Mike Stoops vs. Oklahoma State in the Alamo Bowl: Remember the Gesture?by Anthony Gimino on Dec. 22, 2010, under Sports
It was Oct. 1, 2003, and Oklahoma co-defensive coordinator Mike Stoops was about a month away from becoming the head coach at Arizona.
The Sooners were undefeated, ranked No. 1, and had payback on their minds against Oklahoma State, which had upset its state rival in the Bedlam Series two years in a row. The Cowboys’ offensive coordinator was Mike Gundy, who would become OSU’s head coach a year later when Les Miles left for LSU.
Seven years later, Stoops and Gundy match football wits again, bringing their teams to San Antonio for the Dec. 29 Alamo Bowl.
But those in Oklahoma can’t forget what happened on Oct. 1, 2003 … even if Stoops says he doesn’t remember.
The Sooners dominated that day, winning 52-9, and it will come as no surprise to anybody to learn that Stoops was animated on the sideline.
According to various stories in the Oklahoma media over the past several years, Stoops walked onto the field in the final moments of the rout, stared at the opposing sideline, and raised his arms, palms up.
The interpreted meaning of the gesture: “You want some more of this?”
“I don’t remember any of that,” Stoops said this week.
When told that several stories from Oklahoma have retold that story in recent weeks, Stoops added:
“I don’t pay much attention to that. A lot of it is emotional. That’s a big part of the game. We probably didn’t play very well the year before. I just remember playing awfully well in that game and our players were very well prepared.
“Hopefully, we can have a similar outcome in this game.”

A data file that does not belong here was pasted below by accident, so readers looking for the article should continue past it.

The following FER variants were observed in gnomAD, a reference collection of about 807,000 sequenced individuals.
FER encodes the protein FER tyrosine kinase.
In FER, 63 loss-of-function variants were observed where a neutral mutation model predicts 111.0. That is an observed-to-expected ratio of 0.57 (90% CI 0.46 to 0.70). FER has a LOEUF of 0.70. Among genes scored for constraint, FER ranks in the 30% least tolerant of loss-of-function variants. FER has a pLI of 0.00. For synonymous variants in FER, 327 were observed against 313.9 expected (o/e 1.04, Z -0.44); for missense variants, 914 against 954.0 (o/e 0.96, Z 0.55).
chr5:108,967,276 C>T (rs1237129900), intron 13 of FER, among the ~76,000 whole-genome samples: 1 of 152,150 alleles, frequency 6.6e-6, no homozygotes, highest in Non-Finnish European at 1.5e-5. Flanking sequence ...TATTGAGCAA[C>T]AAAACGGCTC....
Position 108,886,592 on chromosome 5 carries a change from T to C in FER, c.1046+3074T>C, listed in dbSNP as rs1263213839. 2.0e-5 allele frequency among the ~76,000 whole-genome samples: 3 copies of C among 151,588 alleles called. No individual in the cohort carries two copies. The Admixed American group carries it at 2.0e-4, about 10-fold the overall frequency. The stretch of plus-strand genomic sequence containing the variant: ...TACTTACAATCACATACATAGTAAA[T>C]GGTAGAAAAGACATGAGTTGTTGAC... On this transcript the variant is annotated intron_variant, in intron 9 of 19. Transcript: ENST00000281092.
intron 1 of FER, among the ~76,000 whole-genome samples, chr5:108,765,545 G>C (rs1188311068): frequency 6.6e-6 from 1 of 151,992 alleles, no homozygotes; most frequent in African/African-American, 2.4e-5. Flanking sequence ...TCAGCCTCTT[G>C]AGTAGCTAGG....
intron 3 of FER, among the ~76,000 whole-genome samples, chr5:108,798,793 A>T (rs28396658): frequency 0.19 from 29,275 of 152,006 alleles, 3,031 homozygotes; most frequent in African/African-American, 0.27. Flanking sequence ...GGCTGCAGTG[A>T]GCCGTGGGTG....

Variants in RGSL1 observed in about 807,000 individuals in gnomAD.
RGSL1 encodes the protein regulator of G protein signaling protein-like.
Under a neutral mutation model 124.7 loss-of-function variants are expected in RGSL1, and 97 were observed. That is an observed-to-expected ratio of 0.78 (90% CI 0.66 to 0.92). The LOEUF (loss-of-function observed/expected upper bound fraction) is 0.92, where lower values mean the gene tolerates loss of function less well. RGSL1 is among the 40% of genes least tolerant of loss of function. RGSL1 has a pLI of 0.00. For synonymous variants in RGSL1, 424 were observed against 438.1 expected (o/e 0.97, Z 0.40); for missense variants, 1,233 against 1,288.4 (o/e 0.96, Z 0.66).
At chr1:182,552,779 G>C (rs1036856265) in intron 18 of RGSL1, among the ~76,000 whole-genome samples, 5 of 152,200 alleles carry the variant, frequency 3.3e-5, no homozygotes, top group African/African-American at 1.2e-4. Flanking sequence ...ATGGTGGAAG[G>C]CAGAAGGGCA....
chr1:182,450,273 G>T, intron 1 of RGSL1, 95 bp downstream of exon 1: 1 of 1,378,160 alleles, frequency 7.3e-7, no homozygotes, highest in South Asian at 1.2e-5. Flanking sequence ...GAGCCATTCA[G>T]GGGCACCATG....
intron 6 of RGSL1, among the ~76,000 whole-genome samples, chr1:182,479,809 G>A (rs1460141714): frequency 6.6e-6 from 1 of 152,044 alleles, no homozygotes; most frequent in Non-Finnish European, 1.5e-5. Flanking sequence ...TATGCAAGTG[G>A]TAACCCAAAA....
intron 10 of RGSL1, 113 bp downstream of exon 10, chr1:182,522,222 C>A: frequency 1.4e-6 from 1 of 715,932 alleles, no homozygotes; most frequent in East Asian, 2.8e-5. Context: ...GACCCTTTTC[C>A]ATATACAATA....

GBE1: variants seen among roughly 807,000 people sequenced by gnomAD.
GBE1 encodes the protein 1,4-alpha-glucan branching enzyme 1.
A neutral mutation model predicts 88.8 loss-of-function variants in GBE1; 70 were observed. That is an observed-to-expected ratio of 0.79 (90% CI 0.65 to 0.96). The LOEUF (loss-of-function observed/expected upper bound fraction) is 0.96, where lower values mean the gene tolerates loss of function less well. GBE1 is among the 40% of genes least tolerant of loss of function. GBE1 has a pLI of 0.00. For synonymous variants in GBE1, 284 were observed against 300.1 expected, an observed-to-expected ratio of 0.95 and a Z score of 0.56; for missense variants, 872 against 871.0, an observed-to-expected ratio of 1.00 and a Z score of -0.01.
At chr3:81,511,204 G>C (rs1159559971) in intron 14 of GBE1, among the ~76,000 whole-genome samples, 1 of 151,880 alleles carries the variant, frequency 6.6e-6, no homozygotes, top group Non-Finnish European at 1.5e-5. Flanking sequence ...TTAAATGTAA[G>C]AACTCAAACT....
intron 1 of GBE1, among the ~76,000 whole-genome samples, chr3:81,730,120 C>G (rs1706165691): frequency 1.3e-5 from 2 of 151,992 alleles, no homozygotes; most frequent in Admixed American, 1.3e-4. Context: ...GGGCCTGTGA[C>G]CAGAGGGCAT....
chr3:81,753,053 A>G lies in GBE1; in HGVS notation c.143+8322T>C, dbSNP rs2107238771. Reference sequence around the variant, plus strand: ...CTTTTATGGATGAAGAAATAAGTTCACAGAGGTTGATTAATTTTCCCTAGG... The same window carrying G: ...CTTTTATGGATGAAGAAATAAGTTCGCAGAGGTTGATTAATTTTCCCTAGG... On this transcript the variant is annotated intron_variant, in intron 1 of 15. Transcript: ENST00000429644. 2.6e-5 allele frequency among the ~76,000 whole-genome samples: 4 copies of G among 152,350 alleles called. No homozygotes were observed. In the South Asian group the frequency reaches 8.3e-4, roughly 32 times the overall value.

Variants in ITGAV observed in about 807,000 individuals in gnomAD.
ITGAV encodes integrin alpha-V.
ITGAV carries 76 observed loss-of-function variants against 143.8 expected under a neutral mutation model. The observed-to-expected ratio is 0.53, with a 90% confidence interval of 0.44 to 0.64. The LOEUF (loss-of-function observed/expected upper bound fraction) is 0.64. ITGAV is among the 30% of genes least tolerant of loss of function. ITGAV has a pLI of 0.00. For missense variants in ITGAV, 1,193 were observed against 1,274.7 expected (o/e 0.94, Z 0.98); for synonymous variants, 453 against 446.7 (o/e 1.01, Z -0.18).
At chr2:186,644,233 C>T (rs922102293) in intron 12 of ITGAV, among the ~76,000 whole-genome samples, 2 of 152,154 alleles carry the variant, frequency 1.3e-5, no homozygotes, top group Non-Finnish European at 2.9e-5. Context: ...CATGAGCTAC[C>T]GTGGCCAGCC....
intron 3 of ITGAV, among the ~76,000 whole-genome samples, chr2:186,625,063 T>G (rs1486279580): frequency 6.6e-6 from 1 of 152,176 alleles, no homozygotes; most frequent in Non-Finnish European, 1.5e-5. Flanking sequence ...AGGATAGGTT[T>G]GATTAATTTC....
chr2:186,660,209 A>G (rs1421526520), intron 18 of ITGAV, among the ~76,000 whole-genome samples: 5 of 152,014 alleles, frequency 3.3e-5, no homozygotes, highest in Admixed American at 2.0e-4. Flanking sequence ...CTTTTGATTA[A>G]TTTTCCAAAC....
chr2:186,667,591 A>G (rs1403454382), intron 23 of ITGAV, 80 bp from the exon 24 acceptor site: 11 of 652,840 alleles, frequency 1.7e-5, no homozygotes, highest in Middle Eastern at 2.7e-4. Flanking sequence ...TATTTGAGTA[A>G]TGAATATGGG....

Oklahoma State fans are hoping for a dissimilar outcome … and the Cowboys have the kind of offense (No. 1 nationally in total yardage) to put a whupping on the Wildcats if Arizona has the kind of postseason no-show it had last season against Nebraska.
Speaking for Oklahoma State fans, columnist Jenni Carlson of The Oklahoman wrote about how they feel about Stoops:
“They loathe him. They despise him. They see him as an enemy of State.
What could be better than a little comeuppance in the Alamo Bowl?
For his part, Stoops says he doesn’t really have any lingering feelings about the Bedlam Series, other than to, naturally, root for some old OU plans and his brother Bob, the head coach at Oklahoma.
“You kind of leave the past with the past,” Stoops said.
“All your feelings are really toward your new team and your new rivalries. But, obviously, I have close friends and my brother is at Oklahoma, so it’s a little different than being away from any other program, just because of the personal attachments.”
That said, Stoops, like most football coaches, tends to remember the losses more than the victories. In what The Oklahoman ranked as the No. 1 game in the now 105-game history of Bedlam, OSU derailed Oklahoma’s national championship hopes in 2001 with a 16-13 victory as Rashaun Woods caught a 14-yard pass from Josh Fields with 1:36 to play.
“One of our losses I do remember very well when Les Miles was there — the catch in the end zone,” Stoops said. “I still remember that. It’s amazing after all these years.”
And several years after “The Gesture,” Stoops and Gundy meet again to create some new memories.